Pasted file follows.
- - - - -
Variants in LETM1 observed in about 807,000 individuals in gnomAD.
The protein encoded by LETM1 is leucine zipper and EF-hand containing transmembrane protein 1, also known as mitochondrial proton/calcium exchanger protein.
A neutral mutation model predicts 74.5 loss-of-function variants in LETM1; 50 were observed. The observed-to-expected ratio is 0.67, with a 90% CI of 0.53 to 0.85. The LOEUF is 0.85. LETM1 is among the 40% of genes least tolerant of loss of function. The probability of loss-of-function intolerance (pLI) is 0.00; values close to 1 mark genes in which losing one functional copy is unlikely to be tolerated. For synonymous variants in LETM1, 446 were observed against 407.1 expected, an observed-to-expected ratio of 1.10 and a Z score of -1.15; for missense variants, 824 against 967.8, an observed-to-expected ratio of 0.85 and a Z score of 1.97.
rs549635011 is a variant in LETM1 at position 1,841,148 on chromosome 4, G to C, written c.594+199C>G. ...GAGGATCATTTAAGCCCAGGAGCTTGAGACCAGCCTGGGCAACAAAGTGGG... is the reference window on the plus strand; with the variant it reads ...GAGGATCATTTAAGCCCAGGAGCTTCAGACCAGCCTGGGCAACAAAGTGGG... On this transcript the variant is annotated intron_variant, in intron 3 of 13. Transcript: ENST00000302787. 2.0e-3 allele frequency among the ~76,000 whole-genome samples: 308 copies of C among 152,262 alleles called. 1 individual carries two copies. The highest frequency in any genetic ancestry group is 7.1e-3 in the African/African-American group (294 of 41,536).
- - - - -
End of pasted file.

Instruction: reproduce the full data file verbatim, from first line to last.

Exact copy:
Variants in LETM1 observed in about 807,000 individuals in gnomAD.
The protein encoded by LETM1 is leucine zipper and EF-hand containing transmembrane protein 1, also known as mitochondrial proton/calcium exchanger protein.
A neutral mutation model predicts 74.5 loss-of-function variants in LETM1; 50 were observed. The observed-to-expected ratio is 0.67, with a 90% CI of 0.53 to 0.85. The LOEUF is 0.85. LETM1 is among the 40% of genes least tolerant of loss of function. The probability of loss-of-function intolerance (pLI) is 0.00; values close to 1 mark genes in which losing one functional copy is unlikely to be tolerated. For synonymous variants in LETM1, 446 were observed against 407.1 expected, an observed-to-expected ratio of 1.10 and a Z score of -1.15; for missense variants, 824 against 967.8, an observed-to-expected ratio of 0.85 and a Z score of 1.97.
rs549635011 is a variant in LETM1 at position 1,841,148 on chromosome 4, G to C, written c.594+199C>G. ...GAGGATCATTTAAGCCCAGGAGCTTGAGACCAGCCTGGGCAACAAAGTGGG... is the reference window on the plus strand; with the variant it reads ...GAGGATCATTTAAGCCCAGGAGCTTCAGACCAGCCTGGGCAACAAAGTGGG... On this transcript the variant is annotated intron_variant, in intron 3 of 13. Transcript: ENST00000302787. 2.0e-3 allele frequency among the ~76,000 whole-genome samples: 308 copies of C among 152,262 alleles called. 1 individual carries two copies. The highest frequency in any genetic ancestry group is 7.1e-3 in the African/African-American group (294 of 41,536).